Is your little one having trouble settling down at night? Establishing a few nighttime rituals can help.

In fact, science says evening family routines can be good for kids. A small 2018 study linked regular bedtime routines to cognitive function, attention, and other signs of well-being.

Here are some ways you can stop the bedtime battles — and start getting more sleep.

The routine you’re starting with your toddler should be:

  • unique to your child and family
  • based on activities that fit into your schedule
  • able to help soothe your child to sleep

A child who gets an energy boost in the tub, for example, probably shouldn’t have bath time as part of their bedtime routine.

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Illustration by Alyssa Kiefer

Set a time

Determining when to put your toddler to sleep may feel entirely up to your family and lifestyle. At the same time, having a set bedtime each night can be good for your child, according to science.

A 2020 study of 107 children linked going to sleep late and too little sleep with obesity. Another study showed an associated of regular bedtimes and regular mealtimes on better emotional self-regulation and less risk of obesity.

The time you choose to send your kiddo to bed may be earlier than you think. Watch your child’s cues to see when they get sleepy.

Slow down

Young kids often need help with transitions. Moving from a busy day to a sleep state is a huge transition.

Try swapping any activities that stimulate your child with ones that will help them relax, especially in the hour before bed.

This may be as easy as switching off the television, stopping the wrestling or tickling matches, and skipping anything with caffeine.

Activities that might help unwind your toddler include:

  • taking a warm bath
  • reading stories
  • playing quiet games
  • singing bedtime songs

While you want to slow down right before bedtime, also make sure your child gets plenty of physical activity during the daytime hours.

Try playing outdoors, taking walks, dancing, meeting with friends for playdates, and engaging in other activities that get your kid moving and grooving.

Dim the lights

You may have heard that bright lights before bedtime can disrupt the body’s desire to sleep. It’s true.

A 2014 study suggested that exposure to artificial light at night suppresses the body’s melatonin levels and, therefore, sleepiness.

It can even shorten your body’s understanding of how long night lasts, creating greater sleep problems.

Anything that emits blue light — computer screens, tablets, cell phones, televisions — may have even more of an effect than regular artificial light. You might even try illuminating the room with a night light or amber light bulb.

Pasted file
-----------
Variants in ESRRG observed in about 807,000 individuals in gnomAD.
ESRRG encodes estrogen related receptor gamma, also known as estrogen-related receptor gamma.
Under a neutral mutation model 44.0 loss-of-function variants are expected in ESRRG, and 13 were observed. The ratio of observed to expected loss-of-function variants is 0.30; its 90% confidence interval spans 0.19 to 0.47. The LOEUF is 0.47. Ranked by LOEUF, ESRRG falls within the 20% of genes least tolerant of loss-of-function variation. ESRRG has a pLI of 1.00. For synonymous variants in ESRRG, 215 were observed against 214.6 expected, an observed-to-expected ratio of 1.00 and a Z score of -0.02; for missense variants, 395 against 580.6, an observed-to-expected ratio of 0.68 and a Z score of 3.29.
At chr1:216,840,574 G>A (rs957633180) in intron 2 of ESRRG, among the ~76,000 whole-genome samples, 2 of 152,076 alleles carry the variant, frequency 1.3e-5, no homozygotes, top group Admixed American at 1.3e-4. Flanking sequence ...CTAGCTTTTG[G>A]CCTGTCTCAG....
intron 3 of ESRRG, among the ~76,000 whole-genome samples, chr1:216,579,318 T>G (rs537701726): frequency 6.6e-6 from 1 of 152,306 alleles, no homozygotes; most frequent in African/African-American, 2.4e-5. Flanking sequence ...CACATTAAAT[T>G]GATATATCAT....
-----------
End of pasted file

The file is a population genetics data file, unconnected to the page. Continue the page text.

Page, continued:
At the very least, dim the lights in your child’s room during the bedtime routine to help them feel sleepy.

Leave the room

Does your toddler call you back into the bedroom again and again? Or worse, is your presence required for sleep to happen in the first place? You’re definitely not alone. Many toddlers have trouble falling asleep on their own.

If you find your child just won’t stop calling for you, experts at the Mayo Clinic recommend trying to wean your child off of your support by waiting progressively longer periods before checking on them.

Some kids do well using a dim night-light or comfort object like a special blanket.

Mistake 1: Changing routines

The whole point of a routine is that it has to be consistent. If you’re attempting a lot of trial and error with your routine, it won’t ever really have the chance to become that routine your child can count on.

Mistake 2: Ignoring your child’s cues

Most parents seek to establish a routine that fits their schedule, but you could be missing out on sleep if your toddler is giving sleep cues earlier than your currently established routine calls for.

Starting your routine too late could lead to your child being overtired and not responding as well to the routine.

Mistake 3: Making your routine too long

Only you know how much time you can commit to a bedtime routine each night. But if your routine lasts over an hour, you’re going to have a much harder time sticking to it on a regular basis.

After all, some nights you’ll go out to dinner, or attend a child’s baseball game, or simply have plans with friends. If you’re getting home later than usual, it can be more difficult to get through a lengthy routine.

  • Embrace a soothing scent. A squirt of lavender spray in your child’s room can have calming properties.
  • Choose the perfect story. Check out “The Rabbit Who Wants to Fall Asleep” before you put your toddler to bed. This book may be helpful for kiddos who have a harder time settling down.
  • Teach time. One of the things a lot of toddlers struggle with is understanding when it’s bedtime and when it’s time to wake up. Night lights like the LittleHippo Mella can help them to better understand when they need to stay in bed by providing a visual cue.
  • Make their daytime routine. Schedule nap times as consistently as you do bedtime. Consistency is key.

These tips might not work immediately, but keep your commitment strong. A little work goes a long way.

If your little one’s sleep issues seem too big to solve, you’ll want to talk to your child’s pediatrician. There are also sleep consultants who can work in tandem to help. Ask your pediatrician for advice.